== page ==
Knowing what to do after a flood and trying to get back to normal can seem overwhelming. I hope the ten suggestions below are helpful and that you and your family stay safe.
The past week has been a challenging one for Texas. From Sinton to Louisiana, and all points in between. Much attention has been paid to Houston because it is so large but realize that almost the entire coast has been affected.
The Houston area is near and dear to my heart because I was born there and grew up in League City. My parents, brother, sister, and their families live there. Plus two of my husband’s sisters live in the area. One a few blocks from my sister. Then there are most of my friends and those who have become family over the years. All have come through the storm safely. I am grateful for that.
Not everyone was so lucky and there are so many people who are displaced that it can be overwhelming. One of the great things about Texas is how we all pull together in a crisis to help and give freely of ourselves to our neighbors. Hope doesn’t lie in our elected officials. It comes from God and it lies within us.
Many have criticized the response, but fail to realize how much there is to do and how long the devastation will continue to impact the lives of those who are in the middle of the chaos that was Hurricane Harvey. Things will get better. It will just take a while. Give them some slack and give each other time to heal.
I remember sitting through hurricanes (plural) and my parents’ house getting flooded each time. Pulling up carpet, setting out fans, coping with the massive amounts of mosquitos that show up and swarm everywhere. I live in Harlingen, Texas now but I know what you are going through and how difficult it can be.
Having said that, soon people will be returning to their homes and here are a few things that, I hope, will help in some small way.
What to do after a flood #1
Before you go, make sure that the area where your home is located is actually safe. Check in with the local authorities. I know it’s your home and you are anxious to return, but please be careful!
What to do After a Flood #2
Go during the day when you can see much easier. There might be snakes, rats, alligators, or other wildlife taking refuge there. Plus, you don’t really know how much damage there is yet.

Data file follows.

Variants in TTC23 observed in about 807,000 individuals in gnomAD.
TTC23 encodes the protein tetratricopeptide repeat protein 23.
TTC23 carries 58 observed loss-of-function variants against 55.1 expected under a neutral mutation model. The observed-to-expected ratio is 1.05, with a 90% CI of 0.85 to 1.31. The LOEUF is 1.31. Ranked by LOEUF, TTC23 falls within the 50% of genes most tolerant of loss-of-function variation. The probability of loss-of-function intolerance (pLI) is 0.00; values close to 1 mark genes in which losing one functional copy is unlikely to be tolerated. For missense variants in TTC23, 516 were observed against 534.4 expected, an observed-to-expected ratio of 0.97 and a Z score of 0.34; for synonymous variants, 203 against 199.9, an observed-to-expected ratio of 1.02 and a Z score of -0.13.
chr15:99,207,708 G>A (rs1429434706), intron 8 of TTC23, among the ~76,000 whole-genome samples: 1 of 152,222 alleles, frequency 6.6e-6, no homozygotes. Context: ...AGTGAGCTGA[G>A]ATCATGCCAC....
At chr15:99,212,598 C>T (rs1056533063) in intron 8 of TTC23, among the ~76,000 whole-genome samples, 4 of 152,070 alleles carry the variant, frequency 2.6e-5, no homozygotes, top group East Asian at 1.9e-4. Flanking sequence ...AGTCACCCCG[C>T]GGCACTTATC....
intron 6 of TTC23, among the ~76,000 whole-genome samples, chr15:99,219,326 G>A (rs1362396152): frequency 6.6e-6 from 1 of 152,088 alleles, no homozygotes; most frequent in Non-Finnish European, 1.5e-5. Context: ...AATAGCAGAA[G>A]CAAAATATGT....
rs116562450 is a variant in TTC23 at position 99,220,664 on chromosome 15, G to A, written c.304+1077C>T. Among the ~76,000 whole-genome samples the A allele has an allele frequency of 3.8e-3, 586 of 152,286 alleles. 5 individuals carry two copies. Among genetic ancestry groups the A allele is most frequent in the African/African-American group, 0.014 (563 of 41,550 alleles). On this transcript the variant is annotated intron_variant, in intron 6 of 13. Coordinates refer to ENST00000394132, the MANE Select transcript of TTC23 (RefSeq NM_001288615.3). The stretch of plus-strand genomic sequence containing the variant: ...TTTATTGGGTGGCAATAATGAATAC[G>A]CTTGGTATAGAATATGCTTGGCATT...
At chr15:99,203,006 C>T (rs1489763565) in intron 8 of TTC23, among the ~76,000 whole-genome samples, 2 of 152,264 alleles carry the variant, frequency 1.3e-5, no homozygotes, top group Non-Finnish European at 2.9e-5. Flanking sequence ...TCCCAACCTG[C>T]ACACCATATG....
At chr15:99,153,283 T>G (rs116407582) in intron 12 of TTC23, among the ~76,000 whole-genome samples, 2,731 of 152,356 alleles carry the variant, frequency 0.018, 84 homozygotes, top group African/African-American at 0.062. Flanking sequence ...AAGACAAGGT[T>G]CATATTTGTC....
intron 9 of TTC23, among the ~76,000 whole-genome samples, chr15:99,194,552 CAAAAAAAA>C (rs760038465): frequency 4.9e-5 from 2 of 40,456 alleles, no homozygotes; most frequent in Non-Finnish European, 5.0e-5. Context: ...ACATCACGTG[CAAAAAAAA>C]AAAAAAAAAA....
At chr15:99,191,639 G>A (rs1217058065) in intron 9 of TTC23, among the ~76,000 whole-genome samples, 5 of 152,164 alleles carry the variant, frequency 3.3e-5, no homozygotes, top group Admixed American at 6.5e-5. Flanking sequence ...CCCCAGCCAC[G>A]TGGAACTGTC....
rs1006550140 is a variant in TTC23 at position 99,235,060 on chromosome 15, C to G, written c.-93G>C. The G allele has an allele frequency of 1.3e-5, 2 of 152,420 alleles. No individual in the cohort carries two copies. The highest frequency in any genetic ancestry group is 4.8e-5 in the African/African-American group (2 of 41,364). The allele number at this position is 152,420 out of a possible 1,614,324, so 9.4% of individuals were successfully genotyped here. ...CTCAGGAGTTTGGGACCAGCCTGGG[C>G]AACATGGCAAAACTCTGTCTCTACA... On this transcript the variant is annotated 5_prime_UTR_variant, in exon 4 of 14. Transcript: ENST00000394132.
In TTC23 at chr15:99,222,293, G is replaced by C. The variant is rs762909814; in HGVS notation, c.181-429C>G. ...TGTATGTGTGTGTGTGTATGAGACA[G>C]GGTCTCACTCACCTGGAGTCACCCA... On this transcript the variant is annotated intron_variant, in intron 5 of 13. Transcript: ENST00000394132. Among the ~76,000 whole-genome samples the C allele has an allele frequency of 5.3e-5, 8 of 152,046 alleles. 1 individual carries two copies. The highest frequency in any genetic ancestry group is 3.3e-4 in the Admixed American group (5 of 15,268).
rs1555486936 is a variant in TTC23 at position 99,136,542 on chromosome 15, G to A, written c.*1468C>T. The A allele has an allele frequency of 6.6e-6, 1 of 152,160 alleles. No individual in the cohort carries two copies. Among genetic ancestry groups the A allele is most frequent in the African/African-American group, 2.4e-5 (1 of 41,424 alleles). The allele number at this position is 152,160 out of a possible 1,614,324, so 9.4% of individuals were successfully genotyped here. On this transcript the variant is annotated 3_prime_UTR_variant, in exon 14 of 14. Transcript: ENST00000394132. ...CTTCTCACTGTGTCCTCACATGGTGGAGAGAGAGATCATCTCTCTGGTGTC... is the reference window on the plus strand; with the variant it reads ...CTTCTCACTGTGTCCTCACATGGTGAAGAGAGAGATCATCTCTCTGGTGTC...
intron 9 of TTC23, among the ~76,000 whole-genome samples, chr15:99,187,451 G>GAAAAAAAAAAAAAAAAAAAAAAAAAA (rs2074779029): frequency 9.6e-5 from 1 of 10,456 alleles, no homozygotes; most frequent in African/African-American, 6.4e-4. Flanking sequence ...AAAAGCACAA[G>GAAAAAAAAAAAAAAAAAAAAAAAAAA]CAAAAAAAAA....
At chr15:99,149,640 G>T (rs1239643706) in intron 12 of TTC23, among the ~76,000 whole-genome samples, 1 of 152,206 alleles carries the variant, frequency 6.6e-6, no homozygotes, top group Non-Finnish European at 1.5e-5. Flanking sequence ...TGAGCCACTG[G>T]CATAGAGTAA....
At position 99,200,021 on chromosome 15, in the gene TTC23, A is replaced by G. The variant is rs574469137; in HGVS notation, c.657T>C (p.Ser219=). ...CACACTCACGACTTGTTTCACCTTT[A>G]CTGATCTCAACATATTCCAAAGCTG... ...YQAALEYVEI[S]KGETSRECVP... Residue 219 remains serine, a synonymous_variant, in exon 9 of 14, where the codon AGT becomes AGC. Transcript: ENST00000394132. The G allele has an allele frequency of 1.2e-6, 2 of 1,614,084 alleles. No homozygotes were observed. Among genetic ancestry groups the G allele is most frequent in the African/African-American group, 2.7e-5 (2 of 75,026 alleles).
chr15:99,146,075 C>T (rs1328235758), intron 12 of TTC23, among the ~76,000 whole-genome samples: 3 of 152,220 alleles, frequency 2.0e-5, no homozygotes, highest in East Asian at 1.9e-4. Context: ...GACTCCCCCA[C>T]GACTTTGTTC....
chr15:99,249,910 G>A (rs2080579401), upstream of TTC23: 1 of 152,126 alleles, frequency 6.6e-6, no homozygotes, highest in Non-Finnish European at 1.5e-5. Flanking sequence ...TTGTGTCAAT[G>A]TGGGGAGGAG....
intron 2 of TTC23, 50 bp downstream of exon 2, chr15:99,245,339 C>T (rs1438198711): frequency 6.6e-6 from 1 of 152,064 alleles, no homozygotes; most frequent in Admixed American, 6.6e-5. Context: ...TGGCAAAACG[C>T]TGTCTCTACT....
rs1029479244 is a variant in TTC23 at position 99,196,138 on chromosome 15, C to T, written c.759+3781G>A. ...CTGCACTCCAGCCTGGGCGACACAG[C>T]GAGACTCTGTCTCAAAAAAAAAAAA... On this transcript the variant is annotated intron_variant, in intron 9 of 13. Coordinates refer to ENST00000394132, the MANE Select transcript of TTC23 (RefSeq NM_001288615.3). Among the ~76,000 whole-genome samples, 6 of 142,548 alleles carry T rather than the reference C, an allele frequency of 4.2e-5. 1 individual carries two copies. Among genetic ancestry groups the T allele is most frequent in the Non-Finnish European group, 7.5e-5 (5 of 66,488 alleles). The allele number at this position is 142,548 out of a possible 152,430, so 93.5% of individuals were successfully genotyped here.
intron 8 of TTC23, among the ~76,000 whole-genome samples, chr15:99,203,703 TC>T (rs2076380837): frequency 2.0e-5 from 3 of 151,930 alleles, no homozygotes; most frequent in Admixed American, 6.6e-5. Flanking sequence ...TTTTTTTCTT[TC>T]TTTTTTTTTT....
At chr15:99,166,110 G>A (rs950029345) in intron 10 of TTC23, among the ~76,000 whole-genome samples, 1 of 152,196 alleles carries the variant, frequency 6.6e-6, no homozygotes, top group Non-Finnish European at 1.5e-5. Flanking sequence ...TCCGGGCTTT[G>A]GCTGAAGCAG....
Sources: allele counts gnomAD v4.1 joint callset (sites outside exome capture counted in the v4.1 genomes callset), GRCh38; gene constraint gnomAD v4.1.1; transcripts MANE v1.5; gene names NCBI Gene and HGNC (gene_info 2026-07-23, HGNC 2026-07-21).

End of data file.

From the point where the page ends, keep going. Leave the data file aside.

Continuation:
What to do after a flood #3
Make a list of what needs to be done and in what order. Prioritize tasks. This simple task will keep things in perspective and keep you on track during the midst of overwhelm and stress.
What to do After a flood #4
See if your neighbors need help or if you can pull together to get things done. Knowing that you’re not alone in this can ease your mind a little.
What to do After a Flood #5
Let go of anything that came into contact with flood water that might make you sick. Food, makeup, and medicine are things that need to be replaced. You don’t know what was in the water that could be harmful to and your family.
What to do After a Flood #6
Plastic furniture can be cleaned. Furniture made of MDF is ruined after contact with water. The rest will depend on how much water there was in your home and how long it sat there. Get someone to help you make the determination. Which brings us to number seven…
What to do After a Flood #7
if you’re feeling totally overwhelmed and stressed, ask for help. Remember that people are much more important than things. That includes you.
What to do After a Flood #8
Contact your insurance company and take pictures of everything before you start clearing things out. The insurance adjuster needs to see it.
What to do After a Flood #9
Take your time before making any big decisions. Give yourself the space in which to think. If it all feels like too much, take yourself and your family out of the situation even if it’s only for an hour or two. It’s okay to take a break.
What to do after a Flood #10
When finding someone to help you rebuild, do some research on them before hiring. They should have a track record of successful projects and liability insurance. Serious businesses have insurance. Unfortunately, there are those who will use this time to try to take advantage of you. Please educate yourself.
Everyone’s situation is different and reactions to a disaster may vary from person to person. Take care of yourself and your family. Pets to! “Home” can be anywhere as long as you are safe and surrounded by the people you love and care about.
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